Friday, August 29, 2014

The Politically Incorrect Frankenstein

"What are you reading now?"  Nick asked as he paused behind my chair at the sushi bar.  I showed him the cover of my latest and greatest.

"Frankenstein, huh?"  He suddenly brightened and excitedly gave me his analysis of the famous classic. "My teacher taught us that the moral of the story was to treat foreigners better and refrain from prejudice.  It really makes you think!  You'll have to let me know how you liked it!"  

He returned to his work and I to my book and steaming miso soup.  As the chapters and days progressed I heard the same analysis from many good souls who had made the literary journey before me, insisting that the monster was good initially and the treatment of humans caused his evil behavior.  And yet...I couldn't help but form my own contrary judgement.  Anyone who is surprised must of course prove a new reader to this rather opinionated blog of mine.  

Knowing Mary Shelley was daughter to the immortal, radical authors of the dying generation and studying her own words and purpose for creating the unhallowed work I cannot help but disagree.  I mean, certainly, the moral is there to some very limited degree, but it isn't the powerful, underlying obvious one and I believe the reason the stronger moral to the story proves so obscure is because it pertains to God and we as a politically correct society simply cannot allow such a reading within the realm of public education.  Just as we often refer to the monster as "Frankenstein" when in truth he has no name and Victor Frankenstein proves the name of his creator, we misread continually the primary purpose of the work.

It is simply this. Victor Frankenstein dabbles in science so profoundly that he feels he has a right to play with the powers of life and death.  He makes himself a god as it were to create a man, not from the dust of the earth, but from foul and loathsome matter.  He lusts after power and discovery, ultimately creating a being he can neither love nor control.  His monster at length describes his creator's behavior in such terms as one would attribute to a prostitute, playing wantonly with the powers of creating life.  We cannot argue that the monster turned to vice due to human behavior, for to him, Victor was not a human but a life giving god, and the monster poured out his soul, applying to his maker for love and acceptance.  Where any of us may have prayed to God and received comfort, the monster applies to his weak mortal creator and finds disgust.  The monster turns to wanton murder in revenge, proving that he also can play with life and death.  Truthfully, I found the real horror in the stark description of what life would be like without a loving God and the moral lesson in the dangers of using science or sexuality to play lightly with the creation of intelligent beings.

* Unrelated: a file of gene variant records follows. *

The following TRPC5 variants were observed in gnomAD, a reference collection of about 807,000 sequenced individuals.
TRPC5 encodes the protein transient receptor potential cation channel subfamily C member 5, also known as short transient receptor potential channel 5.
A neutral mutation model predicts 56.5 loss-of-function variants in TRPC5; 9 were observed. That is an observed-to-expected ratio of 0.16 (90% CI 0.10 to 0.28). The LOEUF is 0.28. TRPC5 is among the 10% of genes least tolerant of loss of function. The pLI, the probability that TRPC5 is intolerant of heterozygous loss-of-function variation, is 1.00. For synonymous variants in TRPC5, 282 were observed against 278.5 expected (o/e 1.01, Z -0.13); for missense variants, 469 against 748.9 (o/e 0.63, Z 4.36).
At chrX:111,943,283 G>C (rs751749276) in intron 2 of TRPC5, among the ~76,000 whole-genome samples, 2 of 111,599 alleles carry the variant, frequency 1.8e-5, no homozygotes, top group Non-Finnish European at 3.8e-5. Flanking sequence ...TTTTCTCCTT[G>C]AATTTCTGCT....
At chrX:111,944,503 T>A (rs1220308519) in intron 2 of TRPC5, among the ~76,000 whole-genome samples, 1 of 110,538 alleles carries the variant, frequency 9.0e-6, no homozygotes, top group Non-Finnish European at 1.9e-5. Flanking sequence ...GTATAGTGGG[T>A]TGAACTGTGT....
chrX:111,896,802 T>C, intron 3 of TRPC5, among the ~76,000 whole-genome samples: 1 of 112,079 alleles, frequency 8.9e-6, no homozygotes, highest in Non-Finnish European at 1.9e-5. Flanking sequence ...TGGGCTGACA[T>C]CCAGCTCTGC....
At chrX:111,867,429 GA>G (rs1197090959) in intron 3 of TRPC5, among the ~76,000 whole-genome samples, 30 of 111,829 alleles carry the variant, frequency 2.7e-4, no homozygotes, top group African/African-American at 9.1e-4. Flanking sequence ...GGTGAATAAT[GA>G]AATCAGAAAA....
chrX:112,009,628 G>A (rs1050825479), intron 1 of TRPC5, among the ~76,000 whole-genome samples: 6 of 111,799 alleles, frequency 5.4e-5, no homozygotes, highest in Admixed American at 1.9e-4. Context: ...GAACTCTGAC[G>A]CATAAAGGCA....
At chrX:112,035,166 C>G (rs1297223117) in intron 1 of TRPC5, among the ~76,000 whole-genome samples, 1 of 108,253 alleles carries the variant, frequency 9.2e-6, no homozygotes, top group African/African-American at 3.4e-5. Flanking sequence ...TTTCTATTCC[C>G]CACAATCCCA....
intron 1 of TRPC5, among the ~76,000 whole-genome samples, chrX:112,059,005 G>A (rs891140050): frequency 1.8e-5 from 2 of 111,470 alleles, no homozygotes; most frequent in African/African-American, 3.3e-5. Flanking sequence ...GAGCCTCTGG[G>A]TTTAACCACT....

Recently National Geographic published an article about scientists trying to bring back the saber tooth tiger, mammoth, etc.  But if they could bring back one of the extinct species the life expectancy would be horrific and the animal could not procreate due to lack of a partner.  What right have we to play with life outside the realm appointed by God, and though we may have the power so to do, are we ready for the consequences?  Victor Frankenstein surely wasn't.  Until we have the pure, perfect, love of God, or at least something close to it, can we play with His role?  Repeatedly Shelley calls this act "unholy", "unhallowed" and the like.  And certainly when the creator played with life wantonly it follows naturally that the monster would take the powers of life into his own hands as retribution; the lesson is doubly taught.  Indeed, in this world where science seems ever more powerful, individuals turn to the laboratory instead of the chapel, and we find the sacred powers of sexuality carelessly employed, Frankenstein proves a remarkably poignant, timely and very necessarily politically incorrect read.  


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